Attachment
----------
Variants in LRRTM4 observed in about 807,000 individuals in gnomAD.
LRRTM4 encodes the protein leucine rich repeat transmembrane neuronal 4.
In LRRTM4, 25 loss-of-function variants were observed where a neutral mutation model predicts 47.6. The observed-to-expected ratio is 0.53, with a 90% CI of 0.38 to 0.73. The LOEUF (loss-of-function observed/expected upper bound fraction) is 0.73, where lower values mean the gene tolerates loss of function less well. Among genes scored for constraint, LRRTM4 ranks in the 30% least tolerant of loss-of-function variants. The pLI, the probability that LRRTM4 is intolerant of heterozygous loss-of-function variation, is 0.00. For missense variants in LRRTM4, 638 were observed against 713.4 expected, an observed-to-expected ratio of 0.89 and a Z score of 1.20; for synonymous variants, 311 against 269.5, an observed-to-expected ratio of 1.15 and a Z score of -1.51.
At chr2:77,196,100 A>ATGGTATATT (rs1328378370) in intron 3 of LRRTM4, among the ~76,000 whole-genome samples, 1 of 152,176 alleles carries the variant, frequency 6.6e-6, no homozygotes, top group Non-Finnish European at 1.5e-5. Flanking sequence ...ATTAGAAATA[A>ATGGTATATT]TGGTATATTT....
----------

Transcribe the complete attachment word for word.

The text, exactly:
Variants in LRRTM4 observed in about 807,000 individuals in gnomAD.
LRRTM4 encodes the protein leucine rich repeat transmembrane neuronal 4.
In LRRTM4, 25 loss-of-function variants were observed where a neutral mutation model predicts 47.6. The observed-to-expected ratio is 0.53, with a 90% CI of 0.38 to 0.73. The LOEUF (loss-of-function observed/expected upper bound fraction) is 0.73, where lower values mean the gene tolerates loss of function less well. Among genes scored for constraint, LRRTM4 ranks in the 30% least tolerant of loss-of-function variants. The pLI, the probability that LRRTM4 is intolerant of heterozygous loss-of-function variation, is 0.00. For missense variants in LRRTM4, 638 were observed against 713.4 expected, an observed-to-expected ratio of 0.89 and a Z score of 1.20; for synonymous variants, 311 against 269.5, an observed-to-expected ratio of 1.15 and a Z score of -1.51.
At chr2:77,196,100 A>ATGGTATATT (rs1328378370) in intron 3 of LRRTM4, among the ~76,000 whole-genome samples, 1 of 152,176 alleles carries the variant, frequency 6.6e-6, no homozygotes, top group Non-Finnish European at 1.5e-5. Flanking sequence ...ATTAGAAATA[A>ATGGTATATT]TGGTATATTT....